It would be a mistake to analyze scenes in this movie and not talk about the hand flex. After Lizzie and Jane have been staying at Netherfield, Darcy is fairly certain that he has some feelings for Lizzie. But the audience doesn’t really notice this until Lizzie is saying goodbye to the inhabitants and getting into the carriage. Darcy reaches up to help Lizzie into the carriage, which isn’t just a polite gesture. This would have been scandalous at that time. Men and women were not allowed to touch at all nor were they allowed to be alone together. One of the reasons why dancing was such a form of excitement for young people at the time was because it was the only way to spend time with the opposite sex without being chaperoned. And dancing was done with all of the ladies wearing gloves. All of that considered; skin on skin contact was absolutely unheard of. The fact that it’s such a simple movement that nobody realizes but that it’s such a meaningful form of contact, makes it the kind of thing that you continue to think about long after the scene is over. And obviously, Darcy was thinking about it. That hand flex, man.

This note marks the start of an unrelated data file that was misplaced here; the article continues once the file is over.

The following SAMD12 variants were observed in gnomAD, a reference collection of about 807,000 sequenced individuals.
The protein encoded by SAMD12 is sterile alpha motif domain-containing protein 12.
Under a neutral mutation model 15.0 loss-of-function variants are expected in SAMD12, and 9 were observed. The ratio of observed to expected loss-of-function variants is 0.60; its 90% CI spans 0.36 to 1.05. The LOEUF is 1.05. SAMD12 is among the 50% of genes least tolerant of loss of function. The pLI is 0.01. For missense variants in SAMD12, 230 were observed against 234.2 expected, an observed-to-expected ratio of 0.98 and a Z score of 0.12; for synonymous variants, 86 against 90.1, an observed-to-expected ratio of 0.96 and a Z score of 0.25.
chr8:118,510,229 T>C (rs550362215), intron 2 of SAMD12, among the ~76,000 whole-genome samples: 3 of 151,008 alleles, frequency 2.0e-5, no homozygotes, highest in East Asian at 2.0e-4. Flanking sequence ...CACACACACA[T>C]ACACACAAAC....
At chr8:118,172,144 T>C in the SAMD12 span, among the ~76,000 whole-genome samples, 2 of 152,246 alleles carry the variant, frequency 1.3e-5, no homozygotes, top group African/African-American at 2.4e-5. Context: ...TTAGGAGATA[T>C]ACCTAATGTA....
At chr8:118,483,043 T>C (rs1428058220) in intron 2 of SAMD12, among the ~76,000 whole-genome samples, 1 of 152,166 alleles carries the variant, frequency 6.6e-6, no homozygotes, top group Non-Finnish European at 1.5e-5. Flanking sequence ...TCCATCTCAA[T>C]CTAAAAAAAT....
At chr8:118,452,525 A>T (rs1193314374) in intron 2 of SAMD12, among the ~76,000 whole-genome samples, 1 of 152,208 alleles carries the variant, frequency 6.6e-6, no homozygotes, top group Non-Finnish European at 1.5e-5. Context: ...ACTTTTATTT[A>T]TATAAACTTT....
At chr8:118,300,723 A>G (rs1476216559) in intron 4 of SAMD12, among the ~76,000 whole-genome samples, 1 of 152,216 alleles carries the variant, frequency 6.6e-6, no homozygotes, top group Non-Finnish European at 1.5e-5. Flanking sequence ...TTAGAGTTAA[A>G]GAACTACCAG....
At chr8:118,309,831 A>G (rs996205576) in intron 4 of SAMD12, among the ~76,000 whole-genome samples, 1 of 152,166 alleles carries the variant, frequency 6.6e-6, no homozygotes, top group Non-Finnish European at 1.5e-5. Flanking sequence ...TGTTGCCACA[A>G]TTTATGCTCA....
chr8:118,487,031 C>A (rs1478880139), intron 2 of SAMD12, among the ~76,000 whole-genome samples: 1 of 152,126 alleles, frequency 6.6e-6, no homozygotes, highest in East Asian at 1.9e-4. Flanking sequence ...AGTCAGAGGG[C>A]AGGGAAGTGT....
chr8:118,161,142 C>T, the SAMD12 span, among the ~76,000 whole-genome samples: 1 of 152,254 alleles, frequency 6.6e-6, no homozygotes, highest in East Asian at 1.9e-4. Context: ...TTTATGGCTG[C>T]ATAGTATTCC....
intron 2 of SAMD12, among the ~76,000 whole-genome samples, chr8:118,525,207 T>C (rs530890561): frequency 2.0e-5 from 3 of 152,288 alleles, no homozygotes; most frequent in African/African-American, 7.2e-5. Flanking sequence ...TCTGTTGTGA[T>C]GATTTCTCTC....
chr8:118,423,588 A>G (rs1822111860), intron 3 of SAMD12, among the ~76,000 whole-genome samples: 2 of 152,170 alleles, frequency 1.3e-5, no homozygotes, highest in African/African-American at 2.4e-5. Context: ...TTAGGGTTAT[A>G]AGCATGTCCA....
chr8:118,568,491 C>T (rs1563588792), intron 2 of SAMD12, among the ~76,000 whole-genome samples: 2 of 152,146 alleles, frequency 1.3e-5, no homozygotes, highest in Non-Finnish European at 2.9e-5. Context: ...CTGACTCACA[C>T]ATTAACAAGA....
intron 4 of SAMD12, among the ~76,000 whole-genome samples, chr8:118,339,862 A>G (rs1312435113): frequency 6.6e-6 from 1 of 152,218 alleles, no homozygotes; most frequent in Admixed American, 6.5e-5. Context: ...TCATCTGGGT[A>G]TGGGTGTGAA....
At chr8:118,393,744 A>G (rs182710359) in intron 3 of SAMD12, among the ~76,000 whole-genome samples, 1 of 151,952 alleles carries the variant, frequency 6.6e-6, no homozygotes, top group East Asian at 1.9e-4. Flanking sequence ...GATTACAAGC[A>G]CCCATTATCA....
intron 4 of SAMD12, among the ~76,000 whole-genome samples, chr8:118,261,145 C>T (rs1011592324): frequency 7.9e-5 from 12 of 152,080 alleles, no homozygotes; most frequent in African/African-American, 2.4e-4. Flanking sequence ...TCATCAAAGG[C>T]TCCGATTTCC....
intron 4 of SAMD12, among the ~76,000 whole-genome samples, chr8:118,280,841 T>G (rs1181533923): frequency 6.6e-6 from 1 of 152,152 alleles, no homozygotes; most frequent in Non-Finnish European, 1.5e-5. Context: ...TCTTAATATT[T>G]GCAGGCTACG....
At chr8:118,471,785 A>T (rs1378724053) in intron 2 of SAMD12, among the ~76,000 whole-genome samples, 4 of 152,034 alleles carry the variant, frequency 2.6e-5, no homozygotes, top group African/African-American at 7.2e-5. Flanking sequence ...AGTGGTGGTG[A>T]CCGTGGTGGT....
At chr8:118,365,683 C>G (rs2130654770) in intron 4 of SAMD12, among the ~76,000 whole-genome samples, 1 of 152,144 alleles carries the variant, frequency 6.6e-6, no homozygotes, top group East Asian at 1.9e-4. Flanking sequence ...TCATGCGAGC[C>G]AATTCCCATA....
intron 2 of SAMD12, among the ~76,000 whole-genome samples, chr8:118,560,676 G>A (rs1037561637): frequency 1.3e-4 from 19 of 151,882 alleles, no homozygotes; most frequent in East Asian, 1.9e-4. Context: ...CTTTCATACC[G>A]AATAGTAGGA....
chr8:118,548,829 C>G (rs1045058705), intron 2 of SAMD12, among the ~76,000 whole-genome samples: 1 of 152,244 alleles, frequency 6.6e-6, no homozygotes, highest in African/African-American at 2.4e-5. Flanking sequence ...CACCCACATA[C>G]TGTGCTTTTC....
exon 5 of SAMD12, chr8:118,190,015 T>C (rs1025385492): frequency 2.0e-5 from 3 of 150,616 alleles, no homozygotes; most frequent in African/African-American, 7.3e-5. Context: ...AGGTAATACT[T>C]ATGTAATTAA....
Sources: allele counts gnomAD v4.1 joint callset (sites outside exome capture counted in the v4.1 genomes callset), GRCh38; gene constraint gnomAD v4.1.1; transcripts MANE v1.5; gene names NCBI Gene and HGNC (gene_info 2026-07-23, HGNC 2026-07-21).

This is probably the most popular scene in the entire movie, which is saying something. After hearing about Darcy’s hand in the breaking up of Jane and Bingley, Lizzie runs out in the rain to get away from everyone. And, unfortunately for a very smitten Darcy, he chooses just that moment to follow her and profess his love. What follows is a scene that more directly delivers the argument that we see in the novel. And it delivers it with much more drama. The shock, to anger, to attraction scene is punctuated with various thunderclaps that seem to reflect every change of emotion. This scene is also very simply shot. There is one camera on Mathew Macfayden and one camera on Keira Knightley that pull in close to the actors as the argument gets more heated and the characters begin to step toward each other. This is the first scene in the entire film where we get to see such close up shots of either character. And that is probably because this is the first scene in the movie where they are completely vulnerable around each other. Even if it is out of anger completely on Lizzie’s part; they each reveal their thoughts and feelings to each other without a pre-existing sense of decorum. And somehow the heated-ness of the conversation turns from anger to attraction. Come on, they were both looking at each other’s lips at the end of that argument. We all could see it!